This is why more Russian gas is a bad idea

28 Nov

The price of natural gas is higher in European countries where the share of Russian import is high. Most likely this is not because of import dependency, but Russian dependency. While many countries import gas into their country, which is a healthy trade helping both the countries involved in the process, one of the main problems of this is the leaky pipelines which although can be detected by using a Portable Gas Detectors, but resolving this issue will again cost the country a ton of money. If Eastern European countries want to buy cheap gas, they need to connect to the Western-European gas market: there Russian gas has to compete with other sources, leading to much lower prices.

By Csaba Pogonyi, Péter Simon Vargha and István Zsoldos. This post first appeared in Hungarian on the Defacto blog.

How can Central and Eastern European countries get cheaper natural gas? First it may sound reasonable to be on good terms with their biggest provider, Russia, and try to achieve a good deal with them. Or is it? To check this, we took a look at natural gas prices in the EU: how does import dependency and dependency on Russian gas in particular affect gas prices?

For 17 EU countries, the first chart shows import dependency and gas prices: the horizontal axis shows the share of import in gas consumption, and the vertical axis shows the wholesale price during the first 4 months of 2013.


Sources: price: European Commission, import gas: Gazpromexport, consumption: Eurostat, own calculations. Gas prices are either local gas hub prices or the price of Russian gas. For countries not present on the chart we could not find reliable data.

The chart shows that the price of gas was increasing with the share of Russian gas in consumption in 2013. Belgium did not buy Russian gas at all and they paid $401 per thousand cubic meter (tcm). In comparison, Latvia bought 100% of their gas from Russia, and they paid $531 – 32% more. Hungary is in the middle: 65% of consumption came from Russia and the price was $440/tcm.

There can be two explanations for this phenomenon: it is possible that Russia-dependent countries have no access to other sources. This way, the dominant Russian exporter can exploit its position and charge a high price. The other possibility is that it is not Russian-dependency that matters, but import dependence in general. In this case, countries on the right of the chart pay a high price due to their import dependency.

Which explanation is more likely? To shed light on this, our second chart shows the connection between prices and net import dependency.impdep13_eng_BLOG

 Sources: price: European Commission, import and consumption: Eurostat, own calculations. Gas prices are either local gas hub prices or the price of Russian gas. For countries not present on the chart we could not find reliable data.

Here the correlation is much weaker. There are a lot of countries on the lower right corner of the chart (Austria, Germany, Belgium): these countries pay a low price in spite of high import share. Moreover, among highly import-dependent countries, those which had 80+% Russian import (red dots on the chart) paid the highest prices. Thus, this chart suggests that it is not import-dependency per se that leads to higher gas prices, but dependency on Russian gas.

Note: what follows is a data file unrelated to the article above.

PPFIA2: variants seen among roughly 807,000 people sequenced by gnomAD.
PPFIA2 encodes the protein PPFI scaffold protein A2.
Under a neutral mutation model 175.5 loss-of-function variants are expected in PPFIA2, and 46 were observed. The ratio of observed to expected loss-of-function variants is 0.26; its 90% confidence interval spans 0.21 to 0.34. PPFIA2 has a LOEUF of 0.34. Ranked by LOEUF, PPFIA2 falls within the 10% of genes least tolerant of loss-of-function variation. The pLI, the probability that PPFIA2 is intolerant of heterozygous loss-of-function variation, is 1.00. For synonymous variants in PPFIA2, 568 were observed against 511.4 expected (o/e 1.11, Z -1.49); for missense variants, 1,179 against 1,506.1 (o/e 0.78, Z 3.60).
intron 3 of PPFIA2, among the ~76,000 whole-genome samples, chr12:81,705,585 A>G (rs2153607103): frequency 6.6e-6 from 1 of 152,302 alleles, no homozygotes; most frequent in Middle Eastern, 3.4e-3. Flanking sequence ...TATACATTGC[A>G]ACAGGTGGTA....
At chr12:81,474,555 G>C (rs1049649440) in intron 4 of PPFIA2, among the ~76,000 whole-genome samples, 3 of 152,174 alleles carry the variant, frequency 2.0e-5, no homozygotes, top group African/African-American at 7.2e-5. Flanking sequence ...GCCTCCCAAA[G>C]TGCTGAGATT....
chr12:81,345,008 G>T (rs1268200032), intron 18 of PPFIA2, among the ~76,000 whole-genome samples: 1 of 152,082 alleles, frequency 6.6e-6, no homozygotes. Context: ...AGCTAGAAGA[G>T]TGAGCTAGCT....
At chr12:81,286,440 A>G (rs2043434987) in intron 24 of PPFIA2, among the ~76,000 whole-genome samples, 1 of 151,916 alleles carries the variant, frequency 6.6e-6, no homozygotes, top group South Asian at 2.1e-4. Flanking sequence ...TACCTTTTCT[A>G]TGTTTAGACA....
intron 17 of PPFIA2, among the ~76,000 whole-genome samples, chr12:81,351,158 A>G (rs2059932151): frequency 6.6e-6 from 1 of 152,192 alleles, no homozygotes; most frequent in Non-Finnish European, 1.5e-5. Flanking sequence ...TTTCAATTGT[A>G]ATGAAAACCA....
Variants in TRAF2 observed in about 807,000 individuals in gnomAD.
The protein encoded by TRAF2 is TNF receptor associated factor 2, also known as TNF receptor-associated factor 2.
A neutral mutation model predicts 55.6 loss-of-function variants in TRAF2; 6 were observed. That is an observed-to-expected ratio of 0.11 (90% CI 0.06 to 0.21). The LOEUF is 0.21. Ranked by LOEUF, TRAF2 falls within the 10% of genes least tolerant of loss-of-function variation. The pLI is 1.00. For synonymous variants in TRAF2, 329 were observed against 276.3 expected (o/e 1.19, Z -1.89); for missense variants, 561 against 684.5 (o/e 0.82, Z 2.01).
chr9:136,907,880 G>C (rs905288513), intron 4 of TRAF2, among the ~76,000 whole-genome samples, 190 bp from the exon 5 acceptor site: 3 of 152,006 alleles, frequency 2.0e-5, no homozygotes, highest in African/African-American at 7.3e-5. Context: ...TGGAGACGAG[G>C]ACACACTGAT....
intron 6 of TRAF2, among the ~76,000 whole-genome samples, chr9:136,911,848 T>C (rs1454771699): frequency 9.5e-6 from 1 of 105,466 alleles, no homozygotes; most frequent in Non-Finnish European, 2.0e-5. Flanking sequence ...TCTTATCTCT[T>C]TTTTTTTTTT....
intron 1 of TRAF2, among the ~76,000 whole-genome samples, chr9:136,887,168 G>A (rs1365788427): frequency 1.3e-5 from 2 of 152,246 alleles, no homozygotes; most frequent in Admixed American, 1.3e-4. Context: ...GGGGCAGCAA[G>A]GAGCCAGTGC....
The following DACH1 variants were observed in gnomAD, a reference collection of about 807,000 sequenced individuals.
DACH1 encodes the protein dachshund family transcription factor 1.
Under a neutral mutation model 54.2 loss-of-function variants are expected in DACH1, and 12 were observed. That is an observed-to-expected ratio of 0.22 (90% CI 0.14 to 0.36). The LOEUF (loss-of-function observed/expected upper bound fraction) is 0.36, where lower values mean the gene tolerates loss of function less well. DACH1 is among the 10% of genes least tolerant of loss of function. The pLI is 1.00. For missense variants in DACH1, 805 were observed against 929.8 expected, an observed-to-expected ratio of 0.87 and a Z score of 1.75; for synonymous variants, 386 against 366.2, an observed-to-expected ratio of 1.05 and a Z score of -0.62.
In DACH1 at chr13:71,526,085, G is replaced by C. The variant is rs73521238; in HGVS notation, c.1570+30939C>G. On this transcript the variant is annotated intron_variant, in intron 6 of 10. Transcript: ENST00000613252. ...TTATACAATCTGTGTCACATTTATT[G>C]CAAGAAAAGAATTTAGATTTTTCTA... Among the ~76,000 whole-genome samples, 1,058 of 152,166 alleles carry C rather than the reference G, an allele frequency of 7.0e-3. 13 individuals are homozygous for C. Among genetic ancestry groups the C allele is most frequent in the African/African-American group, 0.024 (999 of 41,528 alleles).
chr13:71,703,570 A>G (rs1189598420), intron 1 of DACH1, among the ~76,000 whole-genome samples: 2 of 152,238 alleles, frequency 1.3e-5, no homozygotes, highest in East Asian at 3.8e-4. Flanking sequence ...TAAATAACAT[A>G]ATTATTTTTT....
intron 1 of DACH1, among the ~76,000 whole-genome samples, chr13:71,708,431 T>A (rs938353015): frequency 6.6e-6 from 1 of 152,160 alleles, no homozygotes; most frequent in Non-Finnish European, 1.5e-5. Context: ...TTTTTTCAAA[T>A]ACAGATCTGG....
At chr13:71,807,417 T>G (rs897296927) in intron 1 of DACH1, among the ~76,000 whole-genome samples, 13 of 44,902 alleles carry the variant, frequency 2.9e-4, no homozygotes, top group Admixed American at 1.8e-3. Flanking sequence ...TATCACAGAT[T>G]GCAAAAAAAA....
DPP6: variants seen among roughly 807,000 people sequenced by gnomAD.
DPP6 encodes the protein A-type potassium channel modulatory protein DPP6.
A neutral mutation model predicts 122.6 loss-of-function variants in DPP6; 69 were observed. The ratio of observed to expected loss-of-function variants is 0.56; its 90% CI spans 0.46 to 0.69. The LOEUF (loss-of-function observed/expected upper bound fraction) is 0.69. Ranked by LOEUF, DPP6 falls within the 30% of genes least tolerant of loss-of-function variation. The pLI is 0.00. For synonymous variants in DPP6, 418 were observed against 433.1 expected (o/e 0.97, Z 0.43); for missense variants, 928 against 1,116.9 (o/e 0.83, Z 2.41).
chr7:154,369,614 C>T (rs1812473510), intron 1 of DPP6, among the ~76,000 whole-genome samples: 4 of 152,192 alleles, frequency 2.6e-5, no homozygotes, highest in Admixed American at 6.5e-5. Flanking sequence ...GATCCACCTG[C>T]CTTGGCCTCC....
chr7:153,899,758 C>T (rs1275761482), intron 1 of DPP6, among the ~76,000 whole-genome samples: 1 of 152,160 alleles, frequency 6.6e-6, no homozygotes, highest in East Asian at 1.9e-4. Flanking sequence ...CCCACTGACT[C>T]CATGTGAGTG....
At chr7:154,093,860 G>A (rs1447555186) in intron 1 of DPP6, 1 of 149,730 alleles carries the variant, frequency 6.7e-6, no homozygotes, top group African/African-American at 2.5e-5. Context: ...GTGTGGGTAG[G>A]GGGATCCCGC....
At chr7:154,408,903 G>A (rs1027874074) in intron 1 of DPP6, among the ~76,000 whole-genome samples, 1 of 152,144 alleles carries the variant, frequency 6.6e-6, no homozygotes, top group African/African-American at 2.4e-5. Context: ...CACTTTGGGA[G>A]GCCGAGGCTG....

How can Central and Eastern European countries achieve a cheaper gas bill? These two charts suggest that not by strengthening ties with Russia, but by building more connections towards alternative gas sources, which compete with Russian gas. To achieve this, the region does not need grandiose pipelines spanning continents. The Nabucco plan was politically risky and would not have added much to the overall European supply. And the South Stream would only bring the same old Russian gas to the region.

CEE should rather build the pipelines that connect to neighbouring countries, so the cheaper Western European gas could flow into the region. A good example is the Slovak-Hungarian interconnector, which will be operational from January 2015. It will help to link Hungary with the Austrian-German market and will be able to transport 5 billion m3 gas yearly, which is currently more than half of total Hungarian consumption. (This is not visible on the chart; however, Slovakian prices dropped significantly in the last two years, likely due to Western competition to Russian gas).

It is not necessary to swap Russian import completely: the mere possibility of buying gas from other sources can be enough to make Russians lower their prices. It is crucial though, that the EU enforces its principles on energy and competition policy. For example, every trader must be allowed to resell its gas and transparent access to pipelines has to be ensured.

The price of import gas and lowering household utility bills

By decreasing the regulated price of natural gas for households, a government does not change the price of import gas. This merely an internal redistribution: consumers pay less, but that burden is borne by industrial users and gas utilities. Lowering prices may even have a detrimental effect on total spending in the long run: if the population spends less on insulation, window replacement and other energy saving investments, natural gas consumption stays high. For example, household gas consumption per m2 in Hungary is currently almost twice as high as the EU average.

The Barrelperday blog (and Defacto) argues that if Central and Eastern Europe and Hungary in particular aims to reduce the price of natural gas in the long run, it should enhance market competition by diversifying among import choices.

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